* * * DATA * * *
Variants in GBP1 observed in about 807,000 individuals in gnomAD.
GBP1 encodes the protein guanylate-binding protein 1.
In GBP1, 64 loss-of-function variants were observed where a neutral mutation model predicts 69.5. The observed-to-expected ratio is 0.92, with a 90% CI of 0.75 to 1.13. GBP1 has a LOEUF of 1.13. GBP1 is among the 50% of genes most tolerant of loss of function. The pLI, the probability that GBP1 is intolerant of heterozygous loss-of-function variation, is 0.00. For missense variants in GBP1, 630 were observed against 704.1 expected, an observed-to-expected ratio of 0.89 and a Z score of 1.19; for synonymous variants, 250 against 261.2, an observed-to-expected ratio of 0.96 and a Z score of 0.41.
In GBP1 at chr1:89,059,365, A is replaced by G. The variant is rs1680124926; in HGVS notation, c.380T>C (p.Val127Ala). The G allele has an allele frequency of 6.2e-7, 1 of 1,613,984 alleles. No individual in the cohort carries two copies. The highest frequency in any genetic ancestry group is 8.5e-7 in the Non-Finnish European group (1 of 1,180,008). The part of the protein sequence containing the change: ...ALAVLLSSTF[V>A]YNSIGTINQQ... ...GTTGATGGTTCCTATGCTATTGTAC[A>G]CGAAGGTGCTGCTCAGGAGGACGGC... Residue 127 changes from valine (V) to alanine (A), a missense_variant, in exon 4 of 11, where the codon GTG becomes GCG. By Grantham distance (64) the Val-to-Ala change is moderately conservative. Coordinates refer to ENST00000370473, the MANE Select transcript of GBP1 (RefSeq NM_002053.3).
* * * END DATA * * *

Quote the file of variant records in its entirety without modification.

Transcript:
Variants in GBP1 observed in about 807,000 individuals in gnomAD.
GBP1 encodes the protein guanylate-binding protein 1.
In GBP1, 64 loss-of-function variants were observed where a neutral mutation model predicts 69.5. The observed-to-expected ratio is 0.92, with a 90% CI of 0.75 to 1.13. GBP1 has a LOEUF of 1.13. GBP1 is among the 50% of genes most tolerant of loss of function. The pLI, the probability that GBP1 is intolerant of heterozygous loss-of-function variation, is 0.00. For missense variants in GBP1, 630 were observed against 704.1 expected, an observed-to-expected ratio of 0.89 and a Z score of 1.19; for synonymous variants, 250 against 261.2, an observed-to-expected ratio of 0.96 and a Z score of 0.41.
In GBP1 at chr1:89,059,365, A is replaced by G. The variant is rs1680124926; in HGVS notation, c.380T>C (p.Val127Ala). The G allele has an allele frequency of 6.2e-7, 1 of 1,613,984 alleles. No individual in the cohort carries two copies. The highest frequency in any genetic ancestry group is 8.5e-7 in the Non-Finnish European group (1 of 1,180,008). The part of the protein sequence containing the change: ...ALAVLLSSTF[V>A]YNSIGTINQQ... ...GTTGATGGTTCCTATGCTATTGTAC[A>G]CGAAGGTGCTGCTCAGGAGGACGGC... Residue 127 changes from valine (V) to alanine (A), a missense_variant, in exon 4 of 11, where the codon GTG becomes GCG. By Grantham distance (64) the Val-to-Ala change is moderately conservative. Coordinates refer to ENST00000370473, the MANE Select transcript of GBP1 (RefSeq NM_002053.3).